Risk managers take note: Environmental enforcement, particularly criminal enforcement, is expected to rise in the coming months.
In their remarks at the American Bar Association’s annual National Environmental Enforcement Conference, Chief of the Department of Justice (DOJ) Environmental Crimes Section Deborah Harris and Assistant Attorney General Todd Kim, head of the DOJ Environment and Natural Resource Division (ENRD), clearly stated, “Companies and individuals should expect more robust investigations that draw on the expertise and jurisdiction of various federal agencies, while prosecutions will be driven by enhanced DOJ criminal enforcement policies,” reports a National Law Review article by Hunton Andrews Kurth.
In past years, the previous administration focused on compliance incentives, meaning there was a decline in enforcement actions.
“[T]he federal government is ‘going to head more to vigorous enforcement as opposed to just aiming for compliance.’ In other words, Harris said, it is ‘going back to a little bit more stick than carrot’ for its enforcement approach,” adds the Hunton Andrews Kurth article. “Importantly, Harris also emphasized a continued emphasis on prosecuting white collar offenses, such as making false statements or committing fraud, which often go hand-in-hand with environmental crimes.”
Kim discussed both civil and criminal enforcement in his keynote address and pointed to the importance of criminal enforcement as “an indispensable and powerful deterrent to illegal behavior” more so than “the threat of civil enforcement alone.”
Kim’s remarks seemingly indicate the DOJ is committed to closely following previously issued DOJ guidance, “Individual Accountability for Corporate Wrongdoing,” more commonly known as the Yates memo, which was written by former DOJ Deputy Attorney General Sally Yates.
“One of the most effective ways to combat corporate misconduct is by seeking accountability from the individuals who perpetrated the wrongdoing,” states the memo. “Such accountability is important for several reasons: it deters future illegal activity, it incentivizes changes in corporate behavior, it ensures that the proper parties are held responsible for their actions, and it promotes the public’s confidence in our justice system.”
The Yates memo requires that companies under investigation provide information on all individuals involved in alleged misconduct to receive cooperation credit.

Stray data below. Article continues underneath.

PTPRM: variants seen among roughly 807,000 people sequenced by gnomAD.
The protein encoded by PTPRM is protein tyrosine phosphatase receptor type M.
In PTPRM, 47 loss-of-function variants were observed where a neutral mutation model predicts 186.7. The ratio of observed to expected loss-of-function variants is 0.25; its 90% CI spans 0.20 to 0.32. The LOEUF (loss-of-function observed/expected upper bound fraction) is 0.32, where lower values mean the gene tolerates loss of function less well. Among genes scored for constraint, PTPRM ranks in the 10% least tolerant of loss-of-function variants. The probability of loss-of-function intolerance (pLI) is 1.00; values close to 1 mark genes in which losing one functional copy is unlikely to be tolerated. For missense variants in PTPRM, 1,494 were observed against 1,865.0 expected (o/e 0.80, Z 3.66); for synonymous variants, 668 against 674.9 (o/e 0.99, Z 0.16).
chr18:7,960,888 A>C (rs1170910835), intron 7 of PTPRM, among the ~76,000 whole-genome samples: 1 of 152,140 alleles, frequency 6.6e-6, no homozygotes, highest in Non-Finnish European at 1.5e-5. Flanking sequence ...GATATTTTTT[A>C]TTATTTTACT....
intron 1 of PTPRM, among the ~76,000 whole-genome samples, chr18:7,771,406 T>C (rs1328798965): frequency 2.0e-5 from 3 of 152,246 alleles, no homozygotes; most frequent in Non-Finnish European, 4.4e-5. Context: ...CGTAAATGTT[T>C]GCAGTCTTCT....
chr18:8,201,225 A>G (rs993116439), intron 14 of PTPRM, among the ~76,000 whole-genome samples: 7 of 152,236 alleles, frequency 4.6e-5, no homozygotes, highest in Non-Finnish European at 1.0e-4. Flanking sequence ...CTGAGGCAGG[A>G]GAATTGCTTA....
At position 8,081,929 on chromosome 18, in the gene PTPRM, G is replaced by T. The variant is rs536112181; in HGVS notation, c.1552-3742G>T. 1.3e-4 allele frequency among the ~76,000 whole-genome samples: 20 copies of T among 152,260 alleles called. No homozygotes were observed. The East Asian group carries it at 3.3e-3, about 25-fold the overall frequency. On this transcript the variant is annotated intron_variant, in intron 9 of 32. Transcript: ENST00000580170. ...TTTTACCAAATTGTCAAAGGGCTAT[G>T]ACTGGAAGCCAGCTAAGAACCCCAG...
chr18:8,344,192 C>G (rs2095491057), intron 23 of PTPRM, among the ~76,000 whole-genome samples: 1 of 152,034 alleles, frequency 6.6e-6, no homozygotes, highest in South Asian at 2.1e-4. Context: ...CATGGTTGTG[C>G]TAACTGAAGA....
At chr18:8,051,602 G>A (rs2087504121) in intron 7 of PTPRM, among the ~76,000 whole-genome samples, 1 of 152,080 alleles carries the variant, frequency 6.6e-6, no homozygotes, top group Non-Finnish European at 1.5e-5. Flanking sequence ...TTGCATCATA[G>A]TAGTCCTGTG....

Kim warned that companies must fulfill their “due care” obligations (“to take responsibility for their products and fully know their supply chain – thus enabling them to ensure legality”) to avoid potential consequences, which include “the prospect of criminal sanction; the potential seizure and forfeiture of illegally-sourced timber, goods, vessels and other equipment; and the unavailability of an innocent owner defense.”
Kim also made reference to the Corporate Crime Advisory Group and Initial Revisions to Corporate Criminal Enforcement Policies DOJ memo, issued by the deputy attorney general (DAG) October 28, 2021.
“Among the key shifts addressed both in the DAG’s memorandum and in Kim’s speech are ‘consider[ing] a corporation’s entire criminal history;’ clarifying that providing ‘all information concerning all persons involved in corporate misconduct’ is a prerequisite for a corporation to receive cooperation credit; and embracing ‘the use of monitorships.’ The corporate criminal history change will significantly broaden the scope of misconduct that prosecutors consider when determining whether and how to resolve a corporate criminal investigation. Many companies routinely face regulatory scrutiny by different authorities, both domestic and foreign. Those prior actions – even those involving totally unrelated conduct – are now fair game for DOJ to consider as part of any resolution. The Corporate Crime Advisory Group was created to consider these and other possible revisions to DOJ’s approach to prosecuting corporate environmental crime. Together, these three factors could lead to a considerable shift in the way cases are charged, how resolutions are negotiated, and what forward-looking compliance measures may be required,” according to the Hunton Andrews Kurth article.
Kim’s address highlighted specific ENRD tools such as sectorwide enforcement and the use of corporate monitors for civil environmental enforcement actions. Sectorwide enforcement is an enforcement approach targeting a particular industrial sector or segment experiencing widespread noncompliance as a tool to “spotlight compliance problems, publicize the government’s enforcement plans and objectives for a sector and, hopefully, catalyze proactive compliance steps by other sources in the sector, including cultural changes, to avoid becoming enforcement targets.”
“Companies should take at least one thing away from Kim’s and Harris’s messages: it is as critical as ever to proactively maintain compliance with applicable environmental laws,” advises Hunton Andrews Kurth. “Taking compliance seriously is a company’s best chance at avoiding an enforcement action. Otherwise, as both DOJ officials warned, an increased risk of enforcement may follow, particularly when violations share a nexus with the Administration’s priority areas of environmental justice or climate.”